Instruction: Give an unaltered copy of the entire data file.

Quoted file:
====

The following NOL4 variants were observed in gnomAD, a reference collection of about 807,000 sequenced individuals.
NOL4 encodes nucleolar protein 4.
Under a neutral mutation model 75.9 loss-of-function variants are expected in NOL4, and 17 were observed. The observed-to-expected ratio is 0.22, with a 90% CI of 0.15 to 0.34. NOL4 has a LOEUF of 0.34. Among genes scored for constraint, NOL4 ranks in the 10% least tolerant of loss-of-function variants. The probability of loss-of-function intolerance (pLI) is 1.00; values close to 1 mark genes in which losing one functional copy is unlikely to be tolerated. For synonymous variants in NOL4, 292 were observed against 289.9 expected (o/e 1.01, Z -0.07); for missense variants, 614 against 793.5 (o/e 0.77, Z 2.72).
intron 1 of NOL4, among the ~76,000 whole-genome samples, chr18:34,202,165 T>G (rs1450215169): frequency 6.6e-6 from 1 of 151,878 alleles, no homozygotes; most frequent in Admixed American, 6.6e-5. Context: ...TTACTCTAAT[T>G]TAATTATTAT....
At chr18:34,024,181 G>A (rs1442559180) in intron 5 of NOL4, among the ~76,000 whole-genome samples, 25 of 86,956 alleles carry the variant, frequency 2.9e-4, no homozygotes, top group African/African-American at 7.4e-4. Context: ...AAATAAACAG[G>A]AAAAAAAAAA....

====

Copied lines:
The following NOL4 variants were observed in gnomAD, a reference collection of about 807,000 sequenced individuals.
NOL4 encodes nucleolar protein 4.
Under a neutral mutation model 75.9 loss-of-function variants are expected in NOL4, and 17 were observed. The observed-to-expected ratio is 0.22, with a 90% CI of 0.15 to 0.34. NOL4 has a LOEUF of 0.34. Among genes scored for constraint, NOL4 ranks in the 10% least tolerant of loss-of-function variants. The probability of loss-of-function intolerance (pLI) is 1.00; values close to 1 mark genes in which losing one functional copy is unlikely to be tolerated. For synonymous variants in NOL4, 292 were observed against 289.9 expected (o/e 1.01, Z -0.07); for missense variants, 614 against 793.5 (o/e 0.77, Z 2.72).
intron 1 of NOL4, among the ~76,000 whole-genome samples, chr18:34,202,165 T>G (rs1450215169): frequency 6.6e-6 from 1 of 151,878 alleles, no homozygotes; most frequent in Admixed American, 6.6e-5. Context: ...TTACTCTAAT[T>G]TAATTATTAT....
At chr18:34,024,181 G>A (rs1442559180) in intron 5 of NOL4, among the ~76,000 whole-genome samples, 25 of 86,956 alleles carry the variant, frequency 2.9e-4, no homozygotes, top group African/African-American at 7.4e-4. Context: ...AAATAAACAG[G>A]AAAAAAAAAA....